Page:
NPR's Invisibilia is a show about the invisible forces that control human behavior which first debuted in 2015. All this week we're airing episodes from the just released season 3 of the show in our time slot. Catch up below if you miss the broadcast.
Monday - Emotions
It feels like emotions just come at us, and there is nothing we can do. But we might have it backwards. In our first episode of the new season, we examine a provocative new theory about where emotions come from. It will change how you feel, and how you feel about your feelings. And ultimately it will give you more control over your life. Hosts Alix Spiegel and Hanna Rosin explore this theory through an unusual and tragic legal case involving a car accident and the death of a child.
Tuesday - Reality
How is it that two people can look out the window at the same exact thing and see something completely different? This is a question many of us are asking after the latest election. In this episode, we talk to umpires in training, who firmly believe that what they see is what’s real. And we visit a small community in Minnesota, called Eagle’s Nest Township, that has a unique experience with the reality divide: some of the people in the town believe that wild black bears are gentle animals to be fed and befriended, while many others take a more traditional view on the human-bear relationship. This leads to conflict and, ultimately, a tragic death. Then we meet a young man who is taking extraordinary steps to break out of his own reality bubble.
Wednesday - The Culture Inside
Is there a part of ourselves that we don’t acknowledge, that we don’t even have access to and that might make us ashamed if we encountered it? We begin with a woman whose left hand takes instructions from a different part of her brain. It hits her, and knocks cigarettes out of her hand and makes her wonder: who is issuing the orders? Is there some other “me” in there I don’t know about? We then ask this question about one of the central problems of our time: racism. Scientific research has shown that even well-meaning people operate with implicit bias - stereotypes and attitudes we are not fully aware of that nonetheless shape our behavior towards people of color. We examine the Implicit Association Test, a widely available psychological test that popularized the notion of implicit bias. And we talk to people who are tackling the question, critical to so much of our behavior: what does it take to change these deeply embedded concepts? Can it even be done?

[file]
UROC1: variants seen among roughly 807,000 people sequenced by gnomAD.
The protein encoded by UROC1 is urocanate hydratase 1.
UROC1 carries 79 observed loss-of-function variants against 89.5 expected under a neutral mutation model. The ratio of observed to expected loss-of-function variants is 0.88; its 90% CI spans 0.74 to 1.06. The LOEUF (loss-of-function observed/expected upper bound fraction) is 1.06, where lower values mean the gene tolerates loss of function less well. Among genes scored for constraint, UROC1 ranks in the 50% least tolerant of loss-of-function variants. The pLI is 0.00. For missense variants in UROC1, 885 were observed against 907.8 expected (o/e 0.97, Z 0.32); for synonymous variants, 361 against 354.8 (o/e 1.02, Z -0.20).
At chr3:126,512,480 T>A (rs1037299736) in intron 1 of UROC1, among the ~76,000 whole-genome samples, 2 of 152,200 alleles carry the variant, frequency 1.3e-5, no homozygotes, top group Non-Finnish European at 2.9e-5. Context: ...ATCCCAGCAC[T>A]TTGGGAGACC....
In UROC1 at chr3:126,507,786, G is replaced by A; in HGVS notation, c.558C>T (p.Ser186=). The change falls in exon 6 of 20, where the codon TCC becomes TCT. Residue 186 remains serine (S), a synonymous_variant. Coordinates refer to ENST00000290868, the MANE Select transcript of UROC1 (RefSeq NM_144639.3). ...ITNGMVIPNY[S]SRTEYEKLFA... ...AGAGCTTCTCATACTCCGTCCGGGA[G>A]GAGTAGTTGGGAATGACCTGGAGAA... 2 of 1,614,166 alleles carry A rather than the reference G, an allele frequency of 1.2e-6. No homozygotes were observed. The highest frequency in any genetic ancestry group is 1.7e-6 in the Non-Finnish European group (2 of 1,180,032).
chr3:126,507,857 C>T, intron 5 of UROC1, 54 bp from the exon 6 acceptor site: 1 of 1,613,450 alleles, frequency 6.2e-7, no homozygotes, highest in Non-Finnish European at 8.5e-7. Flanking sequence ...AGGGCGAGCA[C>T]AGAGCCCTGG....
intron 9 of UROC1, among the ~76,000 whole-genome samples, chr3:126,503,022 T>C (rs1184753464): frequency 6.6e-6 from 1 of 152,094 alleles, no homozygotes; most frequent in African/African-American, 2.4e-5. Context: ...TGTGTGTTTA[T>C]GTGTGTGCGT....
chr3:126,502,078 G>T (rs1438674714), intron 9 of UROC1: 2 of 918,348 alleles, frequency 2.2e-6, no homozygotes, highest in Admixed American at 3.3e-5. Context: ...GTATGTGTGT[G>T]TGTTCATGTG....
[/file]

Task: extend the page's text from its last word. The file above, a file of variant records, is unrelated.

Thursday - Future Self
What do you want to be when you grow up? This is a question we ask children, and adults. In American culture the concept of the future self is critical, required. It drives us to improve, become a richer, more successful, happier version of who we are now. It keeps us from getting blinkered by the world we grew up in, allowing us to see into other potential worlds, new and different concepts, infinite other selves. But the future self can also torture us, mocking us for who we have failed to become. We travel to North Port, Florida, where the principal of a high school did something extreme and unusual to help his students strive for grander future selves - a noble American experiment that went horribly wrong.
Sunday - An Encore Presentation of Emotions